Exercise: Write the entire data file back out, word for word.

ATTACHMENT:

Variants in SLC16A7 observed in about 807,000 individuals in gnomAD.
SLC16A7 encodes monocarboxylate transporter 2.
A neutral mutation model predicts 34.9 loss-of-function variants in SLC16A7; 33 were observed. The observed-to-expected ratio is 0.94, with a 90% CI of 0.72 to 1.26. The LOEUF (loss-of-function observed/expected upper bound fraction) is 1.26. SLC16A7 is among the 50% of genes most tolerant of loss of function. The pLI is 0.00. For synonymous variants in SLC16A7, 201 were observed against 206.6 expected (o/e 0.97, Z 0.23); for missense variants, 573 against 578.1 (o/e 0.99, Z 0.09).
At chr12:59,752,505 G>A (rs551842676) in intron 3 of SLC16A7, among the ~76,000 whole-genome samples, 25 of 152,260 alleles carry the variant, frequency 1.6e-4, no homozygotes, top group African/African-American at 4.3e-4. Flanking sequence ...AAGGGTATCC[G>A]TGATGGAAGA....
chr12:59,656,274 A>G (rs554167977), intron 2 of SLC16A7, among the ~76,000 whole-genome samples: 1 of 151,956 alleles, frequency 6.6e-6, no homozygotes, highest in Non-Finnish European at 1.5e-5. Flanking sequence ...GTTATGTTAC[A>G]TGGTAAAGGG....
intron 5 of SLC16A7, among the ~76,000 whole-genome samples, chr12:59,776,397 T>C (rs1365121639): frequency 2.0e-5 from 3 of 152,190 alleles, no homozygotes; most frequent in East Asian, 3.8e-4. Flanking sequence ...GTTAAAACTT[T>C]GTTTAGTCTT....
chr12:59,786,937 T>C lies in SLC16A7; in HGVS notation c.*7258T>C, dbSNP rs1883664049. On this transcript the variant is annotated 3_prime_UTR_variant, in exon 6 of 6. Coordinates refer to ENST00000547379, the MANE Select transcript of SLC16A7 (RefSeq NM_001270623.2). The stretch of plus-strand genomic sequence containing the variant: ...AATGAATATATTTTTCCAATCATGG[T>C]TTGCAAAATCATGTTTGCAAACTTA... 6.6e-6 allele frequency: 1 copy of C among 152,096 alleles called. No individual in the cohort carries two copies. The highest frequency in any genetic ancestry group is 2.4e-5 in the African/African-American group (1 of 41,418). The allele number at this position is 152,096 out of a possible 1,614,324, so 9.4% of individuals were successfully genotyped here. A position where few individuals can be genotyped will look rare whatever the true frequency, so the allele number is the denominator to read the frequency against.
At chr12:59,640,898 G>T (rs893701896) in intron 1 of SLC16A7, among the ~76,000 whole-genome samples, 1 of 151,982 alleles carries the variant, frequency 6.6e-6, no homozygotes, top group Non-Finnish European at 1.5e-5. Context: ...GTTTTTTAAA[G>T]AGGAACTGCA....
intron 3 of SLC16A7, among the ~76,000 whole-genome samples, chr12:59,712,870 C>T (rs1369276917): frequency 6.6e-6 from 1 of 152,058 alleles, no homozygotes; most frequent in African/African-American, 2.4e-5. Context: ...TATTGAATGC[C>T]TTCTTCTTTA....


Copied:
Variants in SLC16A7 observed in about 807,000 individuals in gnomAD.
SLC16A7 encodes monocarboxylate transporter 2.
A neutral mutation model predicts 34.9 loss-of-function variants in SLC16A7; 33 were observed. The observed-to-expected ratio is 0.94, with a 90% CI of 0.72 to 1.26. The LOEUF (loss-of-function observed/expected upper bound fraction) is 1.26. SLC16A7 is among the 50% of genes most tolerant of loss of function. The pLI is 0.00. For synonymous variants in SLC16A7, 201 were observed against 206.6 expected (o/e 0.97, Z 0.23); for missense variants, 573 against 578.1 (o/e 0.99, Z 0.09).
At chr12:59,752,505 G>A (rs551842676) in intron 3 of SLC16A7, among the ~76,000 whole-genome samples, 25 of 152,260 alleles carry the variant, frequency 1.6e-4, no homozygotes, top group African/African-American at 4.3e-4. Flanking sequence ...AAGGGTATCC[G>A]TGATGGAAGA....
chr12:59,656,274 A>G (rs554167977), intron 2 of SLC16A7, among the ~76,000 whole-genome samples: 1 of 151,956 alleles, frequency 6.6e-6, no homozygotes, highest in Non-Finnish European at 1.5e-5. Flanking sequence ...GTTATGTTAC[A>G]TGGTAAAGGG....
intron 5 of SLC16A7, among the ~76,000 whole-genome samples, chr12:59,776,397 T>C (rs1365121639): frequency 2.0e-5 from 3 of 152,190 alleles, no homozygotes; most frequent in East Asian, 3.8e-4. Flanking sequence ...GTTAAAACTT[T>C]GTTTAGTCTT....
chr12:59,786,937 T>C lies in SLC16A7; in HGVS notation c.*7258T>C, dbSNP rs1883664049. On this transcript the variant is annotated 3_prime_UTR_variant, in exon 6 of 6. Coordinates refer to ENST00000547379, the MANE Select transcript of SLC16A7 (RefSeq NM_001270623.2). The stretch of plus-strand genomic sequence containing the variant: ...AATGAATATATTTTTCCAATCATGG[T>C]TTGCAAAATCATGTTTGCAAACTTA... 6.6e-6 allele frequency: 1 copy of C among 152,096 alleles called. No individual in the cohort carries two copies. The highest frequency in any genetic ancestry group is 2.4e-5 in the African/African-American group (1 of 41,418). The allele number at this position is 152,096 out of a possible 1,614,324, so 9.4% of individuals were successfully genotyped here. A position where few individuals can be genotyped will look rare whatever the true frequency, so the allele number is the denominator to read the frequency against.
At chr12:59,640,898 G>T (rs893701896) in intron 1 of SLC16A7, among the ~76,000 whole-genome samples, 1 of 151,982 alleles carries the variant, frequency 6.6e-6, no homozygotes, top group Non-Finnish European at 1.5e-5. Context: ...GTTTTTTAAA[G>T]AGGAACTGCA....
intron 3 of SLC16A7, among the ~76,000 whole-genome samples, chr12:59,712,870 C>T (rs1369276917): frequency 6.6e-6 from 1 of 152,058 alleles, no homozygotes; most frequent in African/African-American, 2.4e-5. Context: ...TATTGAATGC[C>T]TTCTTCTTTA....